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Music Review: Nick Vayenas – Synesthesia

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Nick Vayenas is a jazz musician who, at first listen, sounds straightforward and conventional. A closer listen, however, reveals some intricate and complex compositions, and Vayenas is anything but another jazz musician; he's a musician that's willing to cross bridges into new musical territory, and doesn't hold anything back.

Vayenas' debut album Synesthesia offers a mix of synthesizers, horns, and percussion that ties everything together around a central theme, one that Vayenas describes in his liner notes as a "type of stimulation [that] evokes the sensation of another, as when the hearing of a sound produces the visualization of a color." With that far-out explanation in mind, Synesthesia becomes an album that is multi-dimensional, forcing the listener to participate with all of his or her senses. That's an adventurous claim, something that Vayenas pulls off well.

The album begins with "Voyager," and the opening synth noises suggest a sci-fi epic voyage–possibly a voyage "where no man has gone before?"–until Vayenas breaks in with steady, triplicated beats, piano, and bass. It's an opening that hints at the larger things to come, and as the album moves forward, Vayenas sprinkles the music with synth motifs and moments of pure jazz.

Synesthesia continues with "Assembly Line," giving the album its first feeling of exploration. The song starts off with another synthesized riff, bringing in a trumpet and organ to keep it grounded. It's not quite like prog rock, or overly experimental jazz, yet it has a vibe of experimentation that leads the listener into the title track "Synesthesia." In "Synesthesia," Vayenas slows down a bit, adding his smoky background vocals as he hums along with the horn section. He fills the band out with keyboards and a guitar, and although these parts are subtle, they seem necessary.

Other times, Synesthesia feels like a conventional modern jazz album. On "Odeon," a swinging jazz drum beat plays on while the horn section takes turns improvising solos. Equally on "The Essence," Vayenas lets the band loose to forge new paths while the keyboard parts accentuate and direct the horns into these new territories.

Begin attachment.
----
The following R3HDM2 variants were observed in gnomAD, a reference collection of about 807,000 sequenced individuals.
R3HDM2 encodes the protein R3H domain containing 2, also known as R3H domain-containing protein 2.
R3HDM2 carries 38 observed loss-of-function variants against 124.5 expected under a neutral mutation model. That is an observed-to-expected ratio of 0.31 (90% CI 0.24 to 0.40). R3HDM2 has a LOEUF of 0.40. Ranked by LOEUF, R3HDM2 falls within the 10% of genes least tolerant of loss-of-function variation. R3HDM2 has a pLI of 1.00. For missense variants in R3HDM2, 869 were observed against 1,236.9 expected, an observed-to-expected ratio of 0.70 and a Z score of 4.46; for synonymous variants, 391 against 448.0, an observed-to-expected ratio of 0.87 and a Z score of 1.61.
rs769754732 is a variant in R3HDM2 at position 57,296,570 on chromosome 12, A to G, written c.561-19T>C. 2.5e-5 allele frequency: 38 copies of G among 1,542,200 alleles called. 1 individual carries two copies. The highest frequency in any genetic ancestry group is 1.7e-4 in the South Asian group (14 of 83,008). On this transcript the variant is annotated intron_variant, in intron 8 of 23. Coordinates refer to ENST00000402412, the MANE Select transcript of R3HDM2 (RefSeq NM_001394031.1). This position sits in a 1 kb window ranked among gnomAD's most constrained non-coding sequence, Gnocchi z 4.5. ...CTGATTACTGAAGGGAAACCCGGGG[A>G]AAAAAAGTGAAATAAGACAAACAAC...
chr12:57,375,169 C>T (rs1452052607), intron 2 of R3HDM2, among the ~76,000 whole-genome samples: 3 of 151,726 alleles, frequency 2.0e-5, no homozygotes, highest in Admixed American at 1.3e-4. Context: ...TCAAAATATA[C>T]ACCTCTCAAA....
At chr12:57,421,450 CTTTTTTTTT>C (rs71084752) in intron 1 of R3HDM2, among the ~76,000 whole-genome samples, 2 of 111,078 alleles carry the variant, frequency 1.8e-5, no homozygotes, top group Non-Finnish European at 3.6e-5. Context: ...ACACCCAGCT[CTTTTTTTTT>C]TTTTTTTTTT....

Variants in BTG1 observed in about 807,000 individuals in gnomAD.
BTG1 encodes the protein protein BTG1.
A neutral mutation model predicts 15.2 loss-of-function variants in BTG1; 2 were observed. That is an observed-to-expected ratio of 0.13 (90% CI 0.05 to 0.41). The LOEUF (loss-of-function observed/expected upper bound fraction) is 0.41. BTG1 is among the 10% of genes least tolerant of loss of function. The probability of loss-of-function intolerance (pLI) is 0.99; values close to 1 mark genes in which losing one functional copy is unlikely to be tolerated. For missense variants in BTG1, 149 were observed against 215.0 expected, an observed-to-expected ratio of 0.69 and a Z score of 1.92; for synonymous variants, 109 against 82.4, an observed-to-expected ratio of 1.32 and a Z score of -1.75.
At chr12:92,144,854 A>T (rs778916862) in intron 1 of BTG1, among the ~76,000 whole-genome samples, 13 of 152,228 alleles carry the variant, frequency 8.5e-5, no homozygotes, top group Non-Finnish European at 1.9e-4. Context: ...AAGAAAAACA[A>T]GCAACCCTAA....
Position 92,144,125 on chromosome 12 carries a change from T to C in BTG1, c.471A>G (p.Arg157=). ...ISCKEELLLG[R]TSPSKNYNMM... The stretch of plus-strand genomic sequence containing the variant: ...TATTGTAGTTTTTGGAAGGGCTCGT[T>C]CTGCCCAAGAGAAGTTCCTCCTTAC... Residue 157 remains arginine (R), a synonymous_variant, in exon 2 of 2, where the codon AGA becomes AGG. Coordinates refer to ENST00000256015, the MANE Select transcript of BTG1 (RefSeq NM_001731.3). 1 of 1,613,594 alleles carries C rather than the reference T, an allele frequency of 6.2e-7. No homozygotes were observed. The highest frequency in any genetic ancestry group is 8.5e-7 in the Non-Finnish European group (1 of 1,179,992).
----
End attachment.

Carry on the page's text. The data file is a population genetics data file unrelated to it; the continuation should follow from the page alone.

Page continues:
Vayenas also changes the mood of the album several times. "Along The Way" has an eerie vibe, almost like the backing track of a scary movie. The pianos climb as the strings build the tension, and then segues into "Circuit Dialog," another eerie track that uses synth noises once again. "Circuit Dialog" breaks up the album, and Synesthesia mellows out for "Staircase," another straightforward jazz song that focuses on the piano and bass.

As the album comes to an end, Vayenas turns in a different direction once again. On "Gone From Me," he fuses keyboards with horns and strings, and guest vocalist Gretchen Parlato adds a sultry sound to an album that, up to this point, has remained strictly instrumental. Parlato sings, "why have you gone from me now? / you never said you'd go," suggesting loneliness, but also suggesting the overall theme of Synesthesia: that adventure can be both exciting and abandoning.

Synesthesia is a great debut album, and it should establish Vayenas as a serious jazz musician. Even though it strikes out into the territories and forces the listener to use all of the senses, it also stays well grounded in the roots of jazz. With its changing pace and unique style, Synesthesia is an album that won't lose you.

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